Nostalgia is fun and usually harmless — except when it leads to hundreds of millions of misspent dollars and handicaps the development of an impoverished neighborhood.
Unfortunately, that seems to be where we are headed with Pimlico Race Course, home to the Preakness Stakes, the second jewel in thoroughbred racing’s Triple Crown. Everybody loves the Preakness. Everybody seems convinced it must stay at “Old Hilltop,” not only to preserve tradition but to serve as a key cog in Baltimore’s economy.
Of course, lots of folks also used to think that Memorial Stadium was an irreplaceable shrine or that it would’ve been wonderful for interstates to slash through Fells Point and across the Inner Harbor. Luckily, William Donald Schaefer and Barbara Mikulski made careers out of resisting such groupthink, and Baltimore is much the better for it. We need similar leadership on Pimlico.
Let’s start with the obvious: In a city where schoolchildren shiver because we can’t afford furnace upgrades or sweat because there’s no money for AC, where crumbling streets go unpaved, traffic crawls because we can’t afford timed stoplights, and the rest of our under-funded needs could fill this page, we are seriously considering spending upwards of $300 million on a racetrack?!? We really want to squander a huge chunk of precious capital on a facility that will make money one day a year?
To which the groupthinkers will sputter that that one day is enough — that it puts the city on a world stage, showcasing us in a way that is priceless. And to which the more rational should respond “just like the Grand Prix of Baltimore, you mean?” For the truth is, spectacles do not have nearly the impact their devotees claim for them. Cities are great — or not — because of their economic fundamentals, not whether they can throw a good weekend party.
And that is the less obvious, but more important, problem with wasting resources on this track: It actually hurts rather than helps the local economy. We have it backward: The neighborhood surrounding Pimlico is not decaying and poor in spite of the track, but at least partly because of it.
The foremost problem the racetrack causes for the Pimlico district was first identified by urbanologist Jane Jacobs in her classic “The Death and Life of Great American Cities.” She dubbed it “the curse of border vacuums.”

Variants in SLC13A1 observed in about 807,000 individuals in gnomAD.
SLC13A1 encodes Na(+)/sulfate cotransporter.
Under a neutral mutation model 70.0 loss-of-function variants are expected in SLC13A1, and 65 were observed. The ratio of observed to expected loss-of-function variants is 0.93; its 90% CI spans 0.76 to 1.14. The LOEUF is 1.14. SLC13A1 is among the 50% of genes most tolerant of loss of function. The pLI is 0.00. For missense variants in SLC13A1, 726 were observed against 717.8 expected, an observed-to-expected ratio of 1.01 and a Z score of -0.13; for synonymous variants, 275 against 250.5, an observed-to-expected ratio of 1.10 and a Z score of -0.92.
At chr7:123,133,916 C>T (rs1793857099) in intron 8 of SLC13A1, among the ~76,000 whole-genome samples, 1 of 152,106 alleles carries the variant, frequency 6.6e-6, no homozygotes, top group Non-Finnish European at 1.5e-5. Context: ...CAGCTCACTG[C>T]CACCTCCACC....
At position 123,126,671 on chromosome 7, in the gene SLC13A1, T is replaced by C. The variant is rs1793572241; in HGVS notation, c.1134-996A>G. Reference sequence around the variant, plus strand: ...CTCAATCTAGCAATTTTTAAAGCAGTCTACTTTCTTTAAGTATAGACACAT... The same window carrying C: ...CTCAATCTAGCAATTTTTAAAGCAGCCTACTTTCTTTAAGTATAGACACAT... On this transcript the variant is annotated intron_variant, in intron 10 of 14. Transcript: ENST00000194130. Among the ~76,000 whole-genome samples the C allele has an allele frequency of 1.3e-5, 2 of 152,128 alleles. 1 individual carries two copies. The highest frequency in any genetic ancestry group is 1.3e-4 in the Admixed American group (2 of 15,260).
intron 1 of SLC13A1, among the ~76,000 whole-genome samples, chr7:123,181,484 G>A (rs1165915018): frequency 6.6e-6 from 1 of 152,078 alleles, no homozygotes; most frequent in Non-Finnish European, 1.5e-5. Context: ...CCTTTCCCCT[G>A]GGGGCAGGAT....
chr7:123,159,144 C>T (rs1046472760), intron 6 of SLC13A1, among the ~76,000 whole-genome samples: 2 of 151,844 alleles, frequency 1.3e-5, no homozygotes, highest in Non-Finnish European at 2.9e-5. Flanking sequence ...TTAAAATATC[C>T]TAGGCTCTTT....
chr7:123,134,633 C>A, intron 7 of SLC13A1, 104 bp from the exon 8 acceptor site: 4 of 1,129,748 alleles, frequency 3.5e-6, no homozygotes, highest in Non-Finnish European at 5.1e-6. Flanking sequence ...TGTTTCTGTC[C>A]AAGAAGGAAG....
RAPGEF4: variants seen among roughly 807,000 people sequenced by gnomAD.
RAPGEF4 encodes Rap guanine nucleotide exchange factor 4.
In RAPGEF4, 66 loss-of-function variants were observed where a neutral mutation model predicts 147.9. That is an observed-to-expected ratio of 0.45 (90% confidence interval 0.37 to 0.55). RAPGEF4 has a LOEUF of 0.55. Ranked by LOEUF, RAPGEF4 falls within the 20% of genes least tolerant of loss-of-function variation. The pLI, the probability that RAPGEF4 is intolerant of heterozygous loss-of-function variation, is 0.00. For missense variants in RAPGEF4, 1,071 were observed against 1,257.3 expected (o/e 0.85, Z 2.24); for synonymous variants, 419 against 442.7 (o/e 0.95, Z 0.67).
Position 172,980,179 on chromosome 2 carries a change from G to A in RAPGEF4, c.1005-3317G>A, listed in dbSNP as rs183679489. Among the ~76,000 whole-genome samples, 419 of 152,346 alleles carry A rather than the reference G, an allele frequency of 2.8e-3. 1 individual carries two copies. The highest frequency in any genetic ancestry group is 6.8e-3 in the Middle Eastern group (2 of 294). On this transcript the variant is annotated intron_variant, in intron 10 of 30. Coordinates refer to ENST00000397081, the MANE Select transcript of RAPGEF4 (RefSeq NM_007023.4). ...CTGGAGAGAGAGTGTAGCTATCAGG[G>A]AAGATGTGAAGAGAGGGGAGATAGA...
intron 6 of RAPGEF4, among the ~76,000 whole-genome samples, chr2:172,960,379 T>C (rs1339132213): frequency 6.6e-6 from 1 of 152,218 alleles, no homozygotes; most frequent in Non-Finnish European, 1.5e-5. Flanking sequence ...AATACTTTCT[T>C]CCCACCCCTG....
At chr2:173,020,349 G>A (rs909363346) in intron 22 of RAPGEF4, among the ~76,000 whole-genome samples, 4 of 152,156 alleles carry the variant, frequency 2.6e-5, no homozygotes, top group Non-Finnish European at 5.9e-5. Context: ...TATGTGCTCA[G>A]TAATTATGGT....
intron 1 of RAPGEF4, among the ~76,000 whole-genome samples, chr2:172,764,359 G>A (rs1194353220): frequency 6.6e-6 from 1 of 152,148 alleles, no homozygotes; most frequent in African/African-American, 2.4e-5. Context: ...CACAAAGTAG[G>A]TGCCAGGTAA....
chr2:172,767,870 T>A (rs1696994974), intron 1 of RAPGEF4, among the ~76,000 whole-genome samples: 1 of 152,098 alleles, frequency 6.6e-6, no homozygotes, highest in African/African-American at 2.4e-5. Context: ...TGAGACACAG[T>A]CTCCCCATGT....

Ms. Jacobs saw that big-footprint installations — not just expressways and railroad tracks, but sprawling convention centers, large hospital grounds and sometimes even excessively large parks — create dead ends for pedestrians and drivers, often leading to stagnation in adjoining areas. And stagnation then gives way to blight and flight. As she put it: A “running-down process is set in motion.”
If you doubt Ms. Jacobs’s wisdom on this, imagine: What if someone planned to drop a 93-acre racetrack into your neighborhood? A massive grandstand, a huge oval, plenty of asphalt for parking and fences all around to keep out the non-paying onlookers.
My guess is that you would call Barbara Mikulski out of retirement to rally the troops the same way she did to head off the interstate in Fells Point; you’d fight tooth and nail to keep this new pestilence away. You would know, as Ms. Jacobs did, that it would not stimulate your neighborhood’s economy, but kill it.
The fact that this particular racetrack is already in place does not change this logic. Nor do claims that an upgrade would be done with an eye on “mixed uses” — a little residential on the fringe, an occasional event on the infield. None of that would change the fact that a project with a footprint and border of this size is simply incompatible with a successful, prosperous neighboring district.
Economic impact-wise, tourists will still come to town and stay in our downtown hotels (there are none to speak of in Pimlico anyway) during Preakness Week. And if we run enough MARC trains to Laurel from Camden station on race day, they’ll likely find the experience easier and more enjoyable.
More importantly, the 93 acres now inhabited by an economic albatross on that hilltop could be re-tasked into multiple uses that would truly contribute to the wellbeing of the good people of Pimlico. They deserve no less.
Stephen J.K. Walters is a professor of economics at Loyola University Maryland and a research fellow at the Maryland Public Policy Institute. His email is firstname.lastname@example.org.